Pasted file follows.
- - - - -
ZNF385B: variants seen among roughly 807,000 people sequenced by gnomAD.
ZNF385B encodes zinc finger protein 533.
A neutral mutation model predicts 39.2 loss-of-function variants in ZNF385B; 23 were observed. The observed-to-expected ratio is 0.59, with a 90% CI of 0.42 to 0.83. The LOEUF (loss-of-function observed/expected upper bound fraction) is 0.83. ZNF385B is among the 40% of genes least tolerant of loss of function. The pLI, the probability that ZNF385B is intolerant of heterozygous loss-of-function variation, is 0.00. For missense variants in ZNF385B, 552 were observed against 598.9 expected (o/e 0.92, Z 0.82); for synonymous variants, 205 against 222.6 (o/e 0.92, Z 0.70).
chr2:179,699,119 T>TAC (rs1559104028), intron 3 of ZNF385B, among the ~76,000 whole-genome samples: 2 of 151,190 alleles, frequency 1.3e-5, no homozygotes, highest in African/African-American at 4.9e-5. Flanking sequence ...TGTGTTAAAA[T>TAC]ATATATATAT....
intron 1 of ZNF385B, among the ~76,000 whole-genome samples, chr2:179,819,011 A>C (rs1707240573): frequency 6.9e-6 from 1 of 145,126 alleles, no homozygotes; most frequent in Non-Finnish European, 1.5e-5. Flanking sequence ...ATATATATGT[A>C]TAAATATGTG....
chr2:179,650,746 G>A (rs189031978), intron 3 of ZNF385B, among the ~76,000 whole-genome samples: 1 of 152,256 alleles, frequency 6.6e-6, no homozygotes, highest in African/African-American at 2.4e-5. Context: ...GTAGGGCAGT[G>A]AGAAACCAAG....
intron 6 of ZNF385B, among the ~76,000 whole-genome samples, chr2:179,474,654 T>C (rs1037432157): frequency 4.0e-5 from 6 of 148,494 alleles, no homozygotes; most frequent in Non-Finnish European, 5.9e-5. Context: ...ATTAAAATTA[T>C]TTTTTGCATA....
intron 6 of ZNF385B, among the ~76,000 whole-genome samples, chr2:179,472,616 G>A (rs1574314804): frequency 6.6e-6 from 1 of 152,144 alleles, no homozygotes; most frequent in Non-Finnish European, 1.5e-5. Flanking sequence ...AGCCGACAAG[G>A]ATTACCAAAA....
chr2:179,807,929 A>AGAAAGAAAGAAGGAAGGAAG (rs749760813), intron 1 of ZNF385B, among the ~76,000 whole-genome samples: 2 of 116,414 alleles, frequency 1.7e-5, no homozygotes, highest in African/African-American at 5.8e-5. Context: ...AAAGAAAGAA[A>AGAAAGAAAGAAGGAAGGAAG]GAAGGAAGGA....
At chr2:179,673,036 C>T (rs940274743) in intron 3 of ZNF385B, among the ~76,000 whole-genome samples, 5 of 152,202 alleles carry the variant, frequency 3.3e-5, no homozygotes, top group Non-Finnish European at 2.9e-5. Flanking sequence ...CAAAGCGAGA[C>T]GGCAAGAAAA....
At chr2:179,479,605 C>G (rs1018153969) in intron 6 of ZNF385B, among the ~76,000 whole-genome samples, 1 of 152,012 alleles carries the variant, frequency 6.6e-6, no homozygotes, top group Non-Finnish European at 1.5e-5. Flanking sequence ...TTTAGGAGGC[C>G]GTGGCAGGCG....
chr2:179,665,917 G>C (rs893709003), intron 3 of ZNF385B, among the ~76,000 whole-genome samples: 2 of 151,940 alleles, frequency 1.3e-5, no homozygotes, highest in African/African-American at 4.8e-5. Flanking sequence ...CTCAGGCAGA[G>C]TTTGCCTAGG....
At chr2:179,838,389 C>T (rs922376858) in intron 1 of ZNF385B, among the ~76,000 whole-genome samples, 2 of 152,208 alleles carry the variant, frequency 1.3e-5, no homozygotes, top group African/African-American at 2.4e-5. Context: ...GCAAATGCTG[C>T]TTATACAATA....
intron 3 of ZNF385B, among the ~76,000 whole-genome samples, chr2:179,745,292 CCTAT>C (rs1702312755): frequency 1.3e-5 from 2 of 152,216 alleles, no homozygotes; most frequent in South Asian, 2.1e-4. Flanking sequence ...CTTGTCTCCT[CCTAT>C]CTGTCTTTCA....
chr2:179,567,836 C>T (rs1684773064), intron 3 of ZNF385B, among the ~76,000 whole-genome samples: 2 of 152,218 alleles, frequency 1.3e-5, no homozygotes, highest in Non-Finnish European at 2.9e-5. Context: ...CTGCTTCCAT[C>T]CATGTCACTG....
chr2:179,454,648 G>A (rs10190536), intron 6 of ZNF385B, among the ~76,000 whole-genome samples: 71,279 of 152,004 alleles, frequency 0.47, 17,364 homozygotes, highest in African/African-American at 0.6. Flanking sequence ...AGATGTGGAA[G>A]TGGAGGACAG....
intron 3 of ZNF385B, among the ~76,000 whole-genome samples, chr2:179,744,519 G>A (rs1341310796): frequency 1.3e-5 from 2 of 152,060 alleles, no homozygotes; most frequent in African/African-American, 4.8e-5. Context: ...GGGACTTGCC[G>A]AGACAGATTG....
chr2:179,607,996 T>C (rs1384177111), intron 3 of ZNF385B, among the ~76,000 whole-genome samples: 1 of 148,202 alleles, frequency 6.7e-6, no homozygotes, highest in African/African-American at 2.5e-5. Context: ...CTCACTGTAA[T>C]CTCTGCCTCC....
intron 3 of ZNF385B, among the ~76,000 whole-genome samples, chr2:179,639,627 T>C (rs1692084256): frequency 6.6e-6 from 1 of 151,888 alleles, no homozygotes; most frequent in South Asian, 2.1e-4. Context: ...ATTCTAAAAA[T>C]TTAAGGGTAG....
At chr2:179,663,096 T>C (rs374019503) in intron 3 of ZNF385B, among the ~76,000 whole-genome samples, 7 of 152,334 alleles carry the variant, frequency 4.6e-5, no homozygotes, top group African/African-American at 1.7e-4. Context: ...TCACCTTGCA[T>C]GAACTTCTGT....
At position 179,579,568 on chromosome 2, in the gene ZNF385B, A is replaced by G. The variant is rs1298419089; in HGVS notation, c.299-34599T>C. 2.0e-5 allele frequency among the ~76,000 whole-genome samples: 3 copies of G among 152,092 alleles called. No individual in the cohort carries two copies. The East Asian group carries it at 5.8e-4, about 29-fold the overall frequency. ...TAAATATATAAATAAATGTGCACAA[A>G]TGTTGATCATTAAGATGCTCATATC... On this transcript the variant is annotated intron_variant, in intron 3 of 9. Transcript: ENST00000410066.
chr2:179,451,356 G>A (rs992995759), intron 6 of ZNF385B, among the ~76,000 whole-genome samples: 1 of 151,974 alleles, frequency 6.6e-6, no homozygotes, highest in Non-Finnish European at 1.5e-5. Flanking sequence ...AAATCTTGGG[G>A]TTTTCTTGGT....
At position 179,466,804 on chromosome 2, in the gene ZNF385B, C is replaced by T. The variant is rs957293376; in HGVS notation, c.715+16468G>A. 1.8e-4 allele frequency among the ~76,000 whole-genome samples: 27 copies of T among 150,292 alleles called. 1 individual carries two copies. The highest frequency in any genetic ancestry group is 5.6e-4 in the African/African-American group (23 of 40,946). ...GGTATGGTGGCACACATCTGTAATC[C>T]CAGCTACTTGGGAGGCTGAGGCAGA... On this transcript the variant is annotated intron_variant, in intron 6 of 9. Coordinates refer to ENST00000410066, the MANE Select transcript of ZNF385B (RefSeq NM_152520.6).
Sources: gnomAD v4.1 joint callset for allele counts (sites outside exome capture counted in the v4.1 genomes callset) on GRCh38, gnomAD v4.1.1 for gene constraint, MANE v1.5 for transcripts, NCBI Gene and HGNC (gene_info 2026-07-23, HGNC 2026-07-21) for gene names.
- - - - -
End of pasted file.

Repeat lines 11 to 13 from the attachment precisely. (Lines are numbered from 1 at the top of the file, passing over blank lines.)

At chr2:179,479,605 C>G (rs1018153969) in intron 6 of ZNF385B, among the ~76,000 whole-genome samples, 1 of 152,012 alleles carries the variant, frequency 6.6e-6, no homozygotes, top group Non-Finnish European at 1.5e-5. Flanking sequence ...TTTAGGAGGC[C>G]GTGGCAGGCG....
chr2:179,665,917 G>C (rs893709003), intron 3 of ZNF385B, among the ~76,000 whole-genome samples: 2 of 151,940 alleles, frequency 1.3e-5, no homozygotes, highest in African/African-American at 4.8e-5. Flanking sequence ...CTCAGGCAGA[G>C]TTTGCCTAGG....
At chr2:179,838,389 C>T (rs922376858) in intron 1 of ZNF385B, among the ~76,000 whole-genome samples, 2 of 152,208 alleles carry the variant, frequency 1.3e-5, no homozygotes, top group African/African-American at 2.4e-5. Context: ...GCAAATGCTG[C>T]TTATACAATA....